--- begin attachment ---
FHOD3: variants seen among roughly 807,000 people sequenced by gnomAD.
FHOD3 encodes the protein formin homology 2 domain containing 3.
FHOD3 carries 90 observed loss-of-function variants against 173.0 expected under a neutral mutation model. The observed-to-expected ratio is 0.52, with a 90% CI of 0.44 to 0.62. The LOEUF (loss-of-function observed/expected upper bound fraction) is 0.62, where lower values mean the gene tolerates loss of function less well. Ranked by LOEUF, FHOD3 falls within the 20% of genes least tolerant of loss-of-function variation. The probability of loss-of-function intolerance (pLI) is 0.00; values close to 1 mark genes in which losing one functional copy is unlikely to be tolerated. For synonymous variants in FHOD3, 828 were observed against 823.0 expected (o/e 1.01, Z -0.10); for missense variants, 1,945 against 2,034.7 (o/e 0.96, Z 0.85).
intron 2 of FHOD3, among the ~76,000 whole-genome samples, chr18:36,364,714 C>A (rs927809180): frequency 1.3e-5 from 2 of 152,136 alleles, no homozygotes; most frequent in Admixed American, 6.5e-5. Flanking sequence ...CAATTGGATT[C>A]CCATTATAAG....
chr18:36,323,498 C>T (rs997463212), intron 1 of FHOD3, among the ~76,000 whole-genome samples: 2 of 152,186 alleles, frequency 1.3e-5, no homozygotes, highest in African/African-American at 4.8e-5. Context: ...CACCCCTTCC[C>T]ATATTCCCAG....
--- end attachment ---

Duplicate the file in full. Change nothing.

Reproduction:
FHOD3: variants seen among roughly 807,000 people sequenced by gnomAD.
FHOD3 encodes the protein formin homology 2 domain containing 3.
FHOD3 carries 90 observed loss-of-function variants against 173.0 expected under a neutral mutation model. The observed-to-expected ratio is 0.52, with a 90% CI of 0.44 to 0.62. The LOEUF (loss-of-function observed/expected upper bound fraction) is 0.62, where lower values mean the gene tolerates loss of function less well. Ranked by LOEUF, FHOD3 falls within the 20% of genes least tolerant of loss-of-function variation. The probability of loss-of-function intolerance (pLI) is 0.00; values close to 1 mark genes in which losing one functional copy is unlikely to be tolerated. For synonymous variants in FHOD3, 828 were observed against 823.0 expected (o/e 1.01, Z -0.10); for missense variants, 1,945 against 2,034.7 (o/e 0.96, Z 0.85).
intron 2 of FHOD3, among the ~76,000 whole-genome samples, chr18:36,364,714 C>A (rs927809180): frequency 1.3e-5 from 2 of 152,136 alleles, no homozygotes; most frequent in Admixed American, 6.5e-5. Flanking sequence ...CAATTGGATT[C>A]CCATTATAAG....
chr18:36,323,498 C>T (rs997463212), intron 1 of FHOD3, among the ~76,000 whole-genome samples: 2 of 152,186 alleles, frequency 1.3e-5, no homozygotes, highest in African/African-American at 4.8e-5. Context: ...CACCCCTTCC[C>T]ATATTCCCAG....